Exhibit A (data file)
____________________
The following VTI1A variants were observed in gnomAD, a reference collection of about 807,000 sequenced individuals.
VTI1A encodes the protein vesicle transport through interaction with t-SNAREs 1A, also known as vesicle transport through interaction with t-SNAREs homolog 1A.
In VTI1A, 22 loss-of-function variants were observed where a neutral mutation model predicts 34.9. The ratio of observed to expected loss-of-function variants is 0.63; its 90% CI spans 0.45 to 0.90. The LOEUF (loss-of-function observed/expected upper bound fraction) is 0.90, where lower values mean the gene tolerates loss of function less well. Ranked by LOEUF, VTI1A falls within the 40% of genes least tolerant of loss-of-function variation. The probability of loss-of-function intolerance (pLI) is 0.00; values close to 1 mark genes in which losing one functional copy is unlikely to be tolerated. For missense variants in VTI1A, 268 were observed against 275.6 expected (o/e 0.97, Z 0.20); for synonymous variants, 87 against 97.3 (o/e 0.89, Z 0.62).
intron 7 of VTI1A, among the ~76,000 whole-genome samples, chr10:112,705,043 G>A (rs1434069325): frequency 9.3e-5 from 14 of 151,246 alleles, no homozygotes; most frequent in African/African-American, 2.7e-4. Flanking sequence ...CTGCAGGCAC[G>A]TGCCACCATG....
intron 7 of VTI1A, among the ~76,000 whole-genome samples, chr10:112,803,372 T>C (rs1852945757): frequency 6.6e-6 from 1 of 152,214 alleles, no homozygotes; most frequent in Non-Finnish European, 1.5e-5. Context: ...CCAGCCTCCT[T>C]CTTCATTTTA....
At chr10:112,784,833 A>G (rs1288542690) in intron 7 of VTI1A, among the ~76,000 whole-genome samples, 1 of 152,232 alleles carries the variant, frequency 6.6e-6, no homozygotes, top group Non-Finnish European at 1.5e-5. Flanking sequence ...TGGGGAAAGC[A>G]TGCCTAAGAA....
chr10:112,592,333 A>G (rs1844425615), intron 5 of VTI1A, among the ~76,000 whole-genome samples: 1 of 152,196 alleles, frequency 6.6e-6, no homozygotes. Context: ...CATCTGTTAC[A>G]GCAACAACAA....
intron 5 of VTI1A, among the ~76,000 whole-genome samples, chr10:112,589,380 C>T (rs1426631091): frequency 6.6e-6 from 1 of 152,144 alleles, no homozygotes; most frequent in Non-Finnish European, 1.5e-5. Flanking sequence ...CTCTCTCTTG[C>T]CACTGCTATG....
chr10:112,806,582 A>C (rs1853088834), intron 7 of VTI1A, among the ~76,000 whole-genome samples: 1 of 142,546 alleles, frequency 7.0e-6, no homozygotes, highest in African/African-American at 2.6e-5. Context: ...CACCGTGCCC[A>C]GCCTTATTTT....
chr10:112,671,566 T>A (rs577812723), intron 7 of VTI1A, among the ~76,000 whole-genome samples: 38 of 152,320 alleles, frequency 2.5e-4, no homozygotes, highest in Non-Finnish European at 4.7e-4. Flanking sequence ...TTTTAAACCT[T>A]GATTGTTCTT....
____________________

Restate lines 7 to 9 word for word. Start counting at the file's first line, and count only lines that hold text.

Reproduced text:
chr10:112,592,333 A>G (rs1844425615), intron 5 of VTI1A, among the ~76,000 whole-genome samples: 1 of 152,196 alleles, frequency 6.6e-6, no homozygotes. Context: ...CATCTGTTAC[A>G]GCAACAACAA....
intron 5 of VTI1A, among the ~76,000 whole-genome samples, chr10:112,589,380 C>T (rs1426631091): frequency 6.6e-6 from 1 of 152,144 alleles, no homozygotes; most frequent in Non-Finnish European, 1.5e-5. Flanking sequence ...CTCTCTCTTG[C>T]CACTGCTATG....
chr10:112,806,582 A>C (rs1853088834), intron 7 of VTI1A, among the ~76,000 whole-genome samples: 1 of 142,546 alleles, frequency 7.0e-6, no homozygotes, highest in African/African-American at 2.6e-5. Context: ...CACCGTGCCC[A>C]GCCTTATTTT....